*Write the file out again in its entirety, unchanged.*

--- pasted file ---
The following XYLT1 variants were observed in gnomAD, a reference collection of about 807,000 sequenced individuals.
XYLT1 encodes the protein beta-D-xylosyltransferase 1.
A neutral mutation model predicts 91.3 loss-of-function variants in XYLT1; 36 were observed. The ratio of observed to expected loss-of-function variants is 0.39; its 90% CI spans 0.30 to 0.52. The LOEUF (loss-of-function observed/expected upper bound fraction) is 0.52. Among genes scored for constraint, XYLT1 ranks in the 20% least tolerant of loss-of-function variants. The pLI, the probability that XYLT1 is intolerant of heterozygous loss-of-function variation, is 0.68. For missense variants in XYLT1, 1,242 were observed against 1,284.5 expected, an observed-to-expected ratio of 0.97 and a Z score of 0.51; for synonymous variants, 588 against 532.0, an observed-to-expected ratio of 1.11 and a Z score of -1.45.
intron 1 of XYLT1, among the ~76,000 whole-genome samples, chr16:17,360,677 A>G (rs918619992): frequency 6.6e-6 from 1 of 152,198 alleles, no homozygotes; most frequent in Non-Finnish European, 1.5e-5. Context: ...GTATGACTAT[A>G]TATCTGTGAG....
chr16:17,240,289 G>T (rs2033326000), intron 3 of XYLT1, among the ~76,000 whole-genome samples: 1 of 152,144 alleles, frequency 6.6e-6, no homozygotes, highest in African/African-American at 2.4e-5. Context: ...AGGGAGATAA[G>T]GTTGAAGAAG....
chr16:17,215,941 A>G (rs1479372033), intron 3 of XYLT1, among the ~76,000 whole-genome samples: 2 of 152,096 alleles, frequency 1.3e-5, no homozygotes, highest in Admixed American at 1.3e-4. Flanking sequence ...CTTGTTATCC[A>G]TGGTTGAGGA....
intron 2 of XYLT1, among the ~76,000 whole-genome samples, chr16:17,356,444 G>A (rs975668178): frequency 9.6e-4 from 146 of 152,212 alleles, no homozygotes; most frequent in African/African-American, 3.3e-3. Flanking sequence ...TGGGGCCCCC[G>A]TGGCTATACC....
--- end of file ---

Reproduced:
The following XYLT1 variants were observed in gnomAD, a reference collection of about 807,000 sequenced individuals.
XYLT1 encodes the protein beta-D-xylosyltransferase 1.
A neutral mutation model predicts 91.3 loss-of-function variants in XYLT1; 36 were observed. The ratio of observed to expected loss-of-function variants is 0.39; its 90% CI spans 0.30 to 0.52. The LOEUF (loss-of-function observed/expected upper bound fraction) is 0.52. Among genes scored for constraint, XYLT1 ranks in the 20% least tolerant of loss-of-function variants. The pLI, the probability that XYLT1 is intolerant of heterozygous loss-of-function variation, is 0.68. For missense variants in XYLT1, 1,242 were observed against 1,284.5 expected, an observed-to-expected ratio of 0.97 and a Z score of 0.51; for synonymous variants, 588 against 532.0, an observed-to-expected ratio of 1.11 and a Z score of -1.45.
intron 1 of XYLT1, among the ~76,000 whole-genome samples, chr16:17,360,677 A>G (rs918619992): frequency 6.6e-6 from 1 of 152,198 alleles, no homozygotes; most frequent in Non-Finnish European, 1.5e-5. Context: ...GTATGACTAT[A>G]TATCTGTGAG....
chr16:17,240,289 G>T (rs2033326000), intron 3 of XYLT1, among the ~76,000 whole-genome samples: 1 of 152,144 alleles, frequency 6.6e-6, no homozygotes, highest in African/African-American at 2.4e-5. Context: ...AGGGAGATAA[G>T]GTTGAAGAAG....
chr16:17,215,941 A>G (rs1479372033), intron 3 of XYLT1, among the ~76,000 whole-genome samples: 2 of 152,096 alleles, frequency 1.3e-5, no homozygotes, highest in Admixed American at 1.3e-4. Flanking sequence ...CTTGTTATCC[A>G]TGGTTGAGGA....
intron 2 of XYLT1, among the ~76,000 whole-genome samples, chr16:17,356,444 G>A (rs975668178): frequency 9.6e-4 from 146 of 152,212 alleles, no homozygotes; most frequent in African/African-American, 3.3e-3. Flanking sequence ...TGGGGCCCCC[G>A]TGGCTATACC....